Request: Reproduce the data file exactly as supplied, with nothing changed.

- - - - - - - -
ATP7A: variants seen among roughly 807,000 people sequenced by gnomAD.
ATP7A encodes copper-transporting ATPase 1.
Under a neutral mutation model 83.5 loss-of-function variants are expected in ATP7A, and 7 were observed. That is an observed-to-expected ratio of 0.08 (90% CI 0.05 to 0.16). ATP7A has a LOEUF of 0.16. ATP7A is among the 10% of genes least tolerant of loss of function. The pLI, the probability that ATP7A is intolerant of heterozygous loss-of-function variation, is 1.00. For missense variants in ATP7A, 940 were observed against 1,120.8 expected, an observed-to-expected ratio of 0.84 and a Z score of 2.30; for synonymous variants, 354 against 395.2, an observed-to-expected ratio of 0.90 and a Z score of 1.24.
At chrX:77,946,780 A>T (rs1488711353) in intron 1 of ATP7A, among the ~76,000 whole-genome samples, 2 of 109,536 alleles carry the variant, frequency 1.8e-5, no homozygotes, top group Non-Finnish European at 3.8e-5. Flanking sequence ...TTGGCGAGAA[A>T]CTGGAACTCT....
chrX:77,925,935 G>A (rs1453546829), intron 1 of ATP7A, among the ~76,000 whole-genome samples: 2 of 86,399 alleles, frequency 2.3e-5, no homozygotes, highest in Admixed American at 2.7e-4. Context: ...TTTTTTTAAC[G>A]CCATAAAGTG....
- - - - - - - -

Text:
ATP7A: variants seen among roughly 807,000 people sequenced by gnomAD.
ATP7A encodes copper-transporting ATPase 1.
Under a neutral mutation model 83.5 loss-of-function variants are expected in ATP7A, and 7 were observed. That is an observed-to-expected ratio of 0.08 (90% CI 0.05 to 0.16). ATP7A has a LOEUF of 0.16. ATP7A is among the 10% of genes least tolerant of loss of function. The pLI, the probability that ATP7A is intolerant of heterozygous loss-of-function variation, is 1.00. For missense variants in ATP7A, 940 were observed against 1,120.8 expected, an observed-to-expected ratio of 0.84 and a Z score of 2.30; for synonymous variants, 354 against 395.2, an observed-to-expected ratio of 0.90 and a Z score of 1.24.
At chrX:77,946,780 A>T (rs1488711353) in intron 1 of ATP7A, among the ~76,000 whole-genome samples, 2 of 109,536 alleles carry the variant, frequency 1.8e-5, no homozygotes, top group Non-Finnish European at 3.8e-5. Flanking sequence ...TTGGCGAGAA[A>T]CTGGAACTCT....
chrX:77,925,935 G>A (rs1453546829), intron 1 of ATP7A, among the ~76,000 whole-genome samples: 2 of 86,399 alleles, frequency 2.3e-5, no homozygotes, highest in Admixed American at 2.7e-4. Context: ...TTTTTTTAAC[G>A]CCATAAAGTG....